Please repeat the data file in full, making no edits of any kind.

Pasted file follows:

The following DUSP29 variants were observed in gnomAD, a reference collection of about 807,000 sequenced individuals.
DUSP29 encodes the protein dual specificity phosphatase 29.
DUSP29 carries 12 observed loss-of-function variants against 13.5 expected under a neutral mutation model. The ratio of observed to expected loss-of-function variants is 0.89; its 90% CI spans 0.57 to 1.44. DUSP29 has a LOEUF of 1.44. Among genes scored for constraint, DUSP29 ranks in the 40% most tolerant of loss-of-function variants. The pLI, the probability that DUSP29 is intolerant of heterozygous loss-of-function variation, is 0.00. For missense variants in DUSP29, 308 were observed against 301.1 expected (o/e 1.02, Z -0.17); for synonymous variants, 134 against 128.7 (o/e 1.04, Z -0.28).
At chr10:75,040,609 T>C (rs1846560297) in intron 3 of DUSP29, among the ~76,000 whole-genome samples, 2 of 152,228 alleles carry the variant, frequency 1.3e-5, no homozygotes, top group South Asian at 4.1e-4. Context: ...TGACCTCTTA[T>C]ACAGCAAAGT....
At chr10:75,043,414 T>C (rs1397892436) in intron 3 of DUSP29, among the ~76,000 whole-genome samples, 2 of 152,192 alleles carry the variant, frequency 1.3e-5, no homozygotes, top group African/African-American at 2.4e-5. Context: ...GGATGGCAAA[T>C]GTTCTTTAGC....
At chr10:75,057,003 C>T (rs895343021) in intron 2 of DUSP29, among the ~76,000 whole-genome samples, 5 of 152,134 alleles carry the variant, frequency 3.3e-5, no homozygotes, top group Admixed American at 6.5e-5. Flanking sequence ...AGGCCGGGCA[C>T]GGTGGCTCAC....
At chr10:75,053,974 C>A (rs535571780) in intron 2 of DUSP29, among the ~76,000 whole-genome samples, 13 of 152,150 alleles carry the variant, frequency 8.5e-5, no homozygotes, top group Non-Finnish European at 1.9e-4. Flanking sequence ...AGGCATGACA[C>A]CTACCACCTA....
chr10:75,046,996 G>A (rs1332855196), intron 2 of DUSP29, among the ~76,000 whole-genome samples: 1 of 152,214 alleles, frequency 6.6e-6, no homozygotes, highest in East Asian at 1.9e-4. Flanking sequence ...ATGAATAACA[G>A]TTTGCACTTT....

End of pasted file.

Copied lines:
The following DUSP29 variants were observed in gnomAD, a reference collection of about 807,000 sequenced individuals.
DUSP29 encodes the protein dual specificity phosphatase 29.
DUSP29 carries 12 observed loss-of-function variants against 13.5 expected under a neutral mutation model. The ratio of observed to expected loss-of-function variants is 0.89; its 90% CI spans 0.57 to 1.44. DUSP29 has a LOEUF of 1.44. Among genes scored for constraint, DUSP29 ranks in the 40% most tolerant of loss-of-function variants. The pLI, the probability that DUSP29 is intolerant of heterozygous loss-of-function variation, is 0.00. For missense variants in DUSP29, 308 were observed against 301.1 expected (o/e 1.02, Z -0.17); for synonymous variants, 134 against 128.7 (o/e 1.04, Z -0.28).
At chr10:75,040,609 T>C (rs1846560297) in intron 3 of DUSP29, among the ~76,000 whole-genome samples, 2 of 152,228 alleles carry the variant, frequency 1.3e-5, no homozygotes, top group South Asian at 4.1e-4. Context: ...TGACCTCTTA[T>C]ACAGCAAAGT....
At chr10:75,043,414 T>C (rs1397892436) in intron 3 of DUSP29, among the ~76,000 whole-genome samples, 2 of 152,192 alleles carry the variant, frequency 1.3e-5, no homozygotes, top group African/African-American at 2.4e-5. Context: ...GGATGGCAAA[T>C]GTTCTTTAGC....
At chr10:75,057,003 C>T (rs895343021) in intron 2 of DUSP29, among the ~76,000 whole-genome samples, 5 of 152,134 alleles carry the variant, frequency 3.3e-5, no homozygotes, top group Admixed American at 6.5e-5. Flanking sequence ...AGGCCGGGCA[C>T]GGTGGCTCAC....
At chr10:75,053,974 C>A (rs535571780) in intron 2 of DUSP29, among the ~76,000 whole-genome samples, 13 of 152,150 alleles carry the variant, frequency 8.5e-5, no homozygotes, top group Non-Finnish European at 1.9e-4. Flanking sequence ...AGGCATGACA[C>A]CTACCACCTA....
chr10:75,046,996 G>A (rs1332855196), intron 2 of DUSP29, among the ~76,000 whole-genome samples: 1 of 152,214 alleles, frequency 6.6e-6, no homozygotes, highest in East Asian at 1.9e-4. Flanking sequence ...ATGAATAACA[G>A]TTTGCACTTT....